Border and Rule – Global Migration, Capitalism, and the Rise of Racist Nationalism
In Border and Rule, one of North America’s foremost thinkers and immigrant rights organizers delivers an unflinching examination of migration as a pillar of global governance and gendered racial class formation. Harsha Walia disrupts easy explanations for the migrant and refugee crises, instead showing them to be the inevitable outcomes of the conquest, capitalist globalization, and climate change that are generating mass dispossession worldwide. Border and Rule explores a number of seemingly disparate global geographies with shared logics of border rule that displace, immobilize, criminalize, exploit, and expel migrants and refugees. With her keen ability to connect the dots, Walia demonstrates how borders divide the international working class and consolidate imperial, capitalist, and racist nationalist rule. Ambitious in scope and internationalist in orientation, Border and Rule breaks through American exceptionalist and liberal responses to the migration crisis and cogently maps the lucrative connections between state violence, capitalism, and right-wing nationalism around the world. Illuminating the brutal mechanics of state formation, Walia exposes US border policy as a product of violent territorial expansion, settler-colonialism, enslavement, and gendered racial ideology. Further, she compellingly details how Fortress Europe and White Australia are using immigration diplomacy and externalized borders to maintain a colonial present, how temporary labor migration in the Arab Gulf states and Canada is central to citizenship regulation and labor control, and how racial violence is escalating deadly nationalism in the US, Israel, India, the Philippines, Brazil, and across Europe, while producing a disaster of statelessness for millions elsewhere. A must-read in these difficult times of war, inequality, climate change, and global health crisis, Border and Rule is a clarion call for revolution. The book includes a foreword from renowned scholar Robin D. G. Kelley and an afterword from acclaimed activist-academic Nick Estes.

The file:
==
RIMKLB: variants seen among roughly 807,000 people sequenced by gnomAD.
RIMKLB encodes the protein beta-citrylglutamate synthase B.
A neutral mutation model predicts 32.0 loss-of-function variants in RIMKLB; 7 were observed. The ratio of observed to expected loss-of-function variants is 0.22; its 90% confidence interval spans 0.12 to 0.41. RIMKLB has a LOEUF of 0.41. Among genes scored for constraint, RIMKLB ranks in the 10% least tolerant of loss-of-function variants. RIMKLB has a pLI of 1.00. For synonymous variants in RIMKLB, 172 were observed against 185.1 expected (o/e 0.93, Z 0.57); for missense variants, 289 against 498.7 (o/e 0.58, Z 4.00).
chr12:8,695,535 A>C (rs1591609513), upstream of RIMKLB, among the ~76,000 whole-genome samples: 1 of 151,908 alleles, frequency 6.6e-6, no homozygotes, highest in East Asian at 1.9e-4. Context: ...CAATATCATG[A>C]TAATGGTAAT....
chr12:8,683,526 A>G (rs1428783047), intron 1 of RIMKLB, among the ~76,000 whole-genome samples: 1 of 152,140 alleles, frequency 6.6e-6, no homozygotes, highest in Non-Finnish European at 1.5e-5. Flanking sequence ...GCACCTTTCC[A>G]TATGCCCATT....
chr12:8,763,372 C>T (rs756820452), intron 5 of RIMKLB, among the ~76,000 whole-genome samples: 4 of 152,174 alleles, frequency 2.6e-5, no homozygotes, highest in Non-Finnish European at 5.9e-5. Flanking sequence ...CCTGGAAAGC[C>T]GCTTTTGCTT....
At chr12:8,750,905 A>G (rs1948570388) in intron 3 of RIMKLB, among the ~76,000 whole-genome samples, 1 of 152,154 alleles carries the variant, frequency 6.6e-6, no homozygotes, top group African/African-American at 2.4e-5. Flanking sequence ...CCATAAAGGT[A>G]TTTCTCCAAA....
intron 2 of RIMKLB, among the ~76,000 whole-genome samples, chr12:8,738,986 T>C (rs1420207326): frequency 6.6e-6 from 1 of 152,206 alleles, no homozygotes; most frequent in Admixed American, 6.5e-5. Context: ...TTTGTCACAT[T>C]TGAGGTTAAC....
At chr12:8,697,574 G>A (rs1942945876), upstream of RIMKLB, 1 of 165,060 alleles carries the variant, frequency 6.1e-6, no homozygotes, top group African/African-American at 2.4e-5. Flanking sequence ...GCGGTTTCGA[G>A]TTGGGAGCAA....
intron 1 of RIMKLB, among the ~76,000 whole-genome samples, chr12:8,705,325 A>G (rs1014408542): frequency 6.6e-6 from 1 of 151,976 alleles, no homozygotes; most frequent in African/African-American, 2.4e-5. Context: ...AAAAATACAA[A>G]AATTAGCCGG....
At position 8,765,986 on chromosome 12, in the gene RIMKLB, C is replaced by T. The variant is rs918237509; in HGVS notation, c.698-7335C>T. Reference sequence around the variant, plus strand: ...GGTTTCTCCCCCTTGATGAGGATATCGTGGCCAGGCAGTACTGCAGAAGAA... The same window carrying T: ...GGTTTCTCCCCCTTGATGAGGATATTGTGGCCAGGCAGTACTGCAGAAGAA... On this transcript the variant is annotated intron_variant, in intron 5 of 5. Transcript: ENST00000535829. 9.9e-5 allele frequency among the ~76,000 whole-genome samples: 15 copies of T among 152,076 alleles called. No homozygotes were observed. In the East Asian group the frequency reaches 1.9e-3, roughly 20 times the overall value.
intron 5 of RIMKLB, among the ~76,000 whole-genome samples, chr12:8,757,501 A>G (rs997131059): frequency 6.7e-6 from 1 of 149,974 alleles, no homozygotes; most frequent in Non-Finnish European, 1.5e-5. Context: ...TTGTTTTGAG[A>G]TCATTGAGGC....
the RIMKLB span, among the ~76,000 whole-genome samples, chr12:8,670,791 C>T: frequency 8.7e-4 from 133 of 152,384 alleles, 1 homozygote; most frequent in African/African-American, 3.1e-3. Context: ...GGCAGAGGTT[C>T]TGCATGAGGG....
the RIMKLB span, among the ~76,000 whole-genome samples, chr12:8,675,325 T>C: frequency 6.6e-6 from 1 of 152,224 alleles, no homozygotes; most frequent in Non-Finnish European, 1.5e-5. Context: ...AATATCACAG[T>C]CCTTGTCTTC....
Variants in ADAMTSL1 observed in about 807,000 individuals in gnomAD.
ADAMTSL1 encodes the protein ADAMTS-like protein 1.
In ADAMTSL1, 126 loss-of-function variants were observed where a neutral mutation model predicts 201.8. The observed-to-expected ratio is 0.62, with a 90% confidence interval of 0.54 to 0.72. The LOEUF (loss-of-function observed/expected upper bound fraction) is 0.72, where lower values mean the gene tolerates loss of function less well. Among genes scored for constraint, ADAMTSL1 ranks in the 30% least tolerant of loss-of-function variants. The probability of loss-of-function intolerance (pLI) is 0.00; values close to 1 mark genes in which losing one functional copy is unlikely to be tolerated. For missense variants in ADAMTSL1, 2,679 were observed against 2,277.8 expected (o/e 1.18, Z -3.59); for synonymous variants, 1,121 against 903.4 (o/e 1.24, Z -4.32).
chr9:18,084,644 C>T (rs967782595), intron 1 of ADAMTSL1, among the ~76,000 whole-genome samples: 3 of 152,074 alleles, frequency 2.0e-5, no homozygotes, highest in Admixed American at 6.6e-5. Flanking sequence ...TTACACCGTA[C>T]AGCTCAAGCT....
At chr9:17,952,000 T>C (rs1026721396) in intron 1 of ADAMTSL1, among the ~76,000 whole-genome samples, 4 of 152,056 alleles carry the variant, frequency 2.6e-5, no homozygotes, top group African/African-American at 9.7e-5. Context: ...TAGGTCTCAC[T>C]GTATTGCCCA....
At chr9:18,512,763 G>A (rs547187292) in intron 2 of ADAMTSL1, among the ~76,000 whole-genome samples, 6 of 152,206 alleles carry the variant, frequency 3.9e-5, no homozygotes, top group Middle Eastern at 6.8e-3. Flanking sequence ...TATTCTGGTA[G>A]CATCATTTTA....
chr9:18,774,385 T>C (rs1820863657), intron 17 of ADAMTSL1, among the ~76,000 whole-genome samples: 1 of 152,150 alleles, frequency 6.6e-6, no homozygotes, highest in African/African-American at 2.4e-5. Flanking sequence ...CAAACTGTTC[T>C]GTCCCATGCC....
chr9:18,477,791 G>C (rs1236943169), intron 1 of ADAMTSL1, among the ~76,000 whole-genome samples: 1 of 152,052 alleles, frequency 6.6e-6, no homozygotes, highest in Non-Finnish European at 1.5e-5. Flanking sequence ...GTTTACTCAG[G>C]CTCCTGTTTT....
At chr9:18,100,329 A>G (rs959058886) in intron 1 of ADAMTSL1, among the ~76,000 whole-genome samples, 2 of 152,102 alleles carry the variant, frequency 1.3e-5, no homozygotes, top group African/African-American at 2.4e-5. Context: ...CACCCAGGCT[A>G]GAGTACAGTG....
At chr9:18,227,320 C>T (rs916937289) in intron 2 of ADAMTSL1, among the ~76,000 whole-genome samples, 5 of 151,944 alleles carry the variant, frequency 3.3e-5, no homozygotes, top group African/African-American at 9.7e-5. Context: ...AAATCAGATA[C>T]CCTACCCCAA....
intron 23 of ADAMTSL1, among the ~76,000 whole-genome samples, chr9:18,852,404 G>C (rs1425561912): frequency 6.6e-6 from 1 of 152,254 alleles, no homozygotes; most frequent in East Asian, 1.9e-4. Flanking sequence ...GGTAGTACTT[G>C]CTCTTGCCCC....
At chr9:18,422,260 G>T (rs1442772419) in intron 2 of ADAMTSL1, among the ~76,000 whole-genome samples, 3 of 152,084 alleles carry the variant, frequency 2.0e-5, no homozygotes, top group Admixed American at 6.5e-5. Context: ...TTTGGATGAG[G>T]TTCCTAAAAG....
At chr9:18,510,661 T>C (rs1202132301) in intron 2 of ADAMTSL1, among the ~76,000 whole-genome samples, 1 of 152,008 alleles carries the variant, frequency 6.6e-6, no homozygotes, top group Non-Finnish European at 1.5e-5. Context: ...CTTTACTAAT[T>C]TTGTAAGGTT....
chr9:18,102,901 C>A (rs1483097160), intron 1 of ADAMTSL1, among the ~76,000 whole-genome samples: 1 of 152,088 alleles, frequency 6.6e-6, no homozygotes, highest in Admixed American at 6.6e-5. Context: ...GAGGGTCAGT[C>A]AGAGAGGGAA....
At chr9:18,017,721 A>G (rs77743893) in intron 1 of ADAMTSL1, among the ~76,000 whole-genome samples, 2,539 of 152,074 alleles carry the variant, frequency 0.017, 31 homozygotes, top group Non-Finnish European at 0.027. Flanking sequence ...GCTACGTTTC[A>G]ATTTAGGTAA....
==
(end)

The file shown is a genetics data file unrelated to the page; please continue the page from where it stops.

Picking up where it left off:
Framing borders as an instrument of capital accumulation, imperial domination, and labor control, Walia argues that what is often described as a “migrant crisis” in Western nations is the outcome for the actual crisis of capitalism, conquest, and climate change. This book shows the displacement of workers in the global south due to, in many cases, the implementation of structural adjustment policies. Walia argues that borders are managed through exclusion, diffusion, commodified inclusion, and discursive control, which also hinders labor solidarity, by creating additional precarity among and differentiation from migrant workers. The book builds up to argue for a bold no border policy as well as the dismantling of the “political ideology of liberalism, the economic dogma of neoliberalism, and right-wing nationalism” that are built into and facilitated by borders.